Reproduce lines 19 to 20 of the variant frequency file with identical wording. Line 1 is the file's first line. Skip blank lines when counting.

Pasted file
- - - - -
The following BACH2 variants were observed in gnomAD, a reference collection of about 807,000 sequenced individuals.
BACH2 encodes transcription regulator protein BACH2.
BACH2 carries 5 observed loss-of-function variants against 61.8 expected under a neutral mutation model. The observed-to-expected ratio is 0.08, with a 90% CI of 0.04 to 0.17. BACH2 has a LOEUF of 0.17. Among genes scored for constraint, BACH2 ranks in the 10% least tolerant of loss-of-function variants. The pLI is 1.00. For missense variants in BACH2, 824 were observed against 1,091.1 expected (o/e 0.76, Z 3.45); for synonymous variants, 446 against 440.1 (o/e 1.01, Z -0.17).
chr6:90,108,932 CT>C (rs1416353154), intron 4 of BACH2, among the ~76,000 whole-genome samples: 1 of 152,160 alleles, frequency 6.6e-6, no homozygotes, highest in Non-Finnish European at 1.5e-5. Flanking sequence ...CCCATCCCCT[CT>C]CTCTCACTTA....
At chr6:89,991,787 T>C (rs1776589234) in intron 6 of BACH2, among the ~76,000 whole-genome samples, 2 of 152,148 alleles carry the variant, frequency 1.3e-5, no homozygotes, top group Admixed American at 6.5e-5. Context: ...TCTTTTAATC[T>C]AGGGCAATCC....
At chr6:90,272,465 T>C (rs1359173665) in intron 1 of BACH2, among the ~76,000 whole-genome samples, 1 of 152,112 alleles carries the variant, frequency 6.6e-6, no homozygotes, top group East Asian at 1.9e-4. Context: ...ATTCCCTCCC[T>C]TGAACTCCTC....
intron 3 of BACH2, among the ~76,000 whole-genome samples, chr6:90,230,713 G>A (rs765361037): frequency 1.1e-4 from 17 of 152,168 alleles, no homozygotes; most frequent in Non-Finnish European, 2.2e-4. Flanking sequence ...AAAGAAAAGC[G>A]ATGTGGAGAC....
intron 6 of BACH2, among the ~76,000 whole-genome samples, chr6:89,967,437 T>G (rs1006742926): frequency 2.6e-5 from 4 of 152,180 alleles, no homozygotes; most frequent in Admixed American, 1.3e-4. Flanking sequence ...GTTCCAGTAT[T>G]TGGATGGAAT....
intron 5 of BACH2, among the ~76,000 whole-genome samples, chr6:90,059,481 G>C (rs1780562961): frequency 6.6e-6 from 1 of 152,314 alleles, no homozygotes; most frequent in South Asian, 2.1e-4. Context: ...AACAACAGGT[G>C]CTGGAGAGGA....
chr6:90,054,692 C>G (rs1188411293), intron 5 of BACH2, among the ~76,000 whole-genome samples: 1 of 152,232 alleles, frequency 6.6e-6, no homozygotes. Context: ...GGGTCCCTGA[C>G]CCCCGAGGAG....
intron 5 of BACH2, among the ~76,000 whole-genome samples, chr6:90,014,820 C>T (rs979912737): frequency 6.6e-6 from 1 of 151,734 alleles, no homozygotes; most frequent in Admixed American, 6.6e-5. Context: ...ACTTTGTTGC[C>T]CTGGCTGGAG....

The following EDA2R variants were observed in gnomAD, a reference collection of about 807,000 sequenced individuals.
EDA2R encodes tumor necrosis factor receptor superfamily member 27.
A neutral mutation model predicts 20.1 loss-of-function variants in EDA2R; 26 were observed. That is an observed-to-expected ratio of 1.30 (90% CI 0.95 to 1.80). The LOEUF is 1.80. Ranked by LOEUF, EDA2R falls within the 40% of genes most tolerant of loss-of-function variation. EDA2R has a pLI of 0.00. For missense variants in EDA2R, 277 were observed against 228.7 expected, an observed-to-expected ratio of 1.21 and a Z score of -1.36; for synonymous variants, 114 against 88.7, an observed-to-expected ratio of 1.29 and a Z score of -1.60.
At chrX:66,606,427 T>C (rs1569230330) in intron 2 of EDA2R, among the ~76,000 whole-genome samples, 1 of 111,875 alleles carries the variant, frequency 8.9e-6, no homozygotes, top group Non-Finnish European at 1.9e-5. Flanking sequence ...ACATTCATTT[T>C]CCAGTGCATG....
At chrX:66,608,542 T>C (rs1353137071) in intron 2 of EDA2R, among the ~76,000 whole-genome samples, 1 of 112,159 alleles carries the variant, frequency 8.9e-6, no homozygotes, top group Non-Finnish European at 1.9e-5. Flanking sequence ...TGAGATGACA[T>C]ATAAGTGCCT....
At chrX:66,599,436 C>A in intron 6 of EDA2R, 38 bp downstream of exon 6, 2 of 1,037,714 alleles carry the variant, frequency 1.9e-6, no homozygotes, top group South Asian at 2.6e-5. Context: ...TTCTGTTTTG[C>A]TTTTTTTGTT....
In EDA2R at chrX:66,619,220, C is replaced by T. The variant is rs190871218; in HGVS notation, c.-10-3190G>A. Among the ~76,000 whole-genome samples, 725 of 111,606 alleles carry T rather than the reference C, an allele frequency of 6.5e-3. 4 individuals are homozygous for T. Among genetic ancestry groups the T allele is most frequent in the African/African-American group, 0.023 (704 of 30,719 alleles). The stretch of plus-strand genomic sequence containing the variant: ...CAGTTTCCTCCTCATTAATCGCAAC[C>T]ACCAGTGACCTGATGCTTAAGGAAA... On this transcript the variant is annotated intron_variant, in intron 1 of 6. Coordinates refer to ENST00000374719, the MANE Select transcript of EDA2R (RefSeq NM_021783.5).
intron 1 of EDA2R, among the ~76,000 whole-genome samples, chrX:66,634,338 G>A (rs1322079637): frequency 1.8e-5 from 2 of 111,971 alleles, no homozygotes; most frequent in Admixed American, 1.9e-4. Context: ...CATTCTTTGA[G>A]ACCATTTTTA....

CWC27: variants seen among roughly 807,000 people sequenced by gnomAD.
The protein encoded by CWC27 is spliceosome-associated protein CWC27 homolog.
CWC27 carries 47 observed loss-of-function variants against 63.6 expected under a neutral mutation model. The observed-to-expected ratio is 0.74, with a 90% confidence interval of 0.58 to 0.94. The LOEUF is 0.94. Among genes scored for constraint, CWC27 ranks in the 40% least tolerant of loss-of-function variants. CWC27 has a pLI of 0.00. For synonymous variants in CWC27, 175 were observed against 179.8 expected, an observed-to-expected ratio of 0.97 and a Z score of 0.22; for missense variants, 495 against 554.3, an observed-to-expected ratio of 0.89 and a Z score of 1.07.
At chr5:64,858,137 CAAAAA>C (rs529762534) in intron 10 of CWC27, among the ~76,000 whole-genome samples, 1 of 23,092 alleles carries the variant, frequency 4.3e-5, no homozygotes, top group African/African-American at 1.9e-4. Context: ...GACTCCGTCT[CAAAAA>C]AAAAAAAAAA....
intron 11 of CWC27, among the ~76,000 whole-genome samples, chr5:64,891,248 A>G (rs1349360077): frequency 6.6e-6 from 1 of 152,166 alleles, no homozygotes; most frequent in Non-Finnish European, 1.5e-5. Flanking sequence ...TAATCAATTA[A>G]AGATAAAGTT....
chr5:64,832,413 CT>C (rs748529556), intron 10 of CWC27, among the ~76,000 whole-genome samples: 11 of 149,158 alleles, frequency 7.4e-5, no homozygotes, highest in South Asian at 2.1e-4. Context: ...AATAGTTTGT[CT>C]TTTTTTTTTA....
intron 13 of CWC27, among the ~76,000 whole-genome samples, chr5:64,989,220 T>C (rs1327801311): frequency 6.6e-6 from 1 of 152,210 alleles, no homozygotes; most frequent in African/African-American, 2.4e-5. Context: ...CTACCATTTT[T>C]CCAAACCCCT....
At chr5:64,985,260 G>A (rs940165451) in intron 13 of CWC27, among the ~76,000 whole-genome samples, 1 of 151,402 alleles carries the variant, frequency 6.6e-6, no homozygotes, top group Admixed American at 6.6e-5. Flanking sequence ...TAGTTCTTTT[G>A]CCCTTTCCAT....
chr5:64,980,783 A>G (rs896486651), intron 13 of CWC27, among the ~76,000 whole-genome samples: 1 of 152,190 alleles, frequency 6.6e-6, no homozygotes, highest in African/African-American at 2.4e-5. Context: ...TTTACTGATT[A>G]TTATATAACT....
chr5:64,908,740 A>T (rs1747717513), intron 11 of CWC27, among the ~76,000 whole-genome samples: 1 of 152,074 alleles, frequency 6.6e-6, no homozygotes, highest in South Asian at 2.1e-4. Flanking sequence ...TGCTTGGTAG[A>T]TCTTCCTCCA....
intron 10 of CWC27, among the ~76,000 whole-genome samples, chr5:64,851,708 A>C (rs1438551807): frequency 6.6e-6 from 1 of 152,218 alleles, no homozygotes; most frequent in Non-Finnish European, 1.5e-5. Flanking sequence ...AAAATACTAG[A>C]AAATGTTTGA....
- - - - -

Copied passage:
intron 1 of EDA2R, among the ~76,000 whole-genome samples, chrX:66,634,338 G>A (rs1322079637): frequency 1.8e-5 from 2 of 111,971 alleles, no homozygotes; most frequent in Admixed American, 1.9e-4. Context: ...CATTCTTTGA[G>A]ACCATTTTTA....

CWC27: variants seen among roughly 807,000 people sequenced by gnomAD.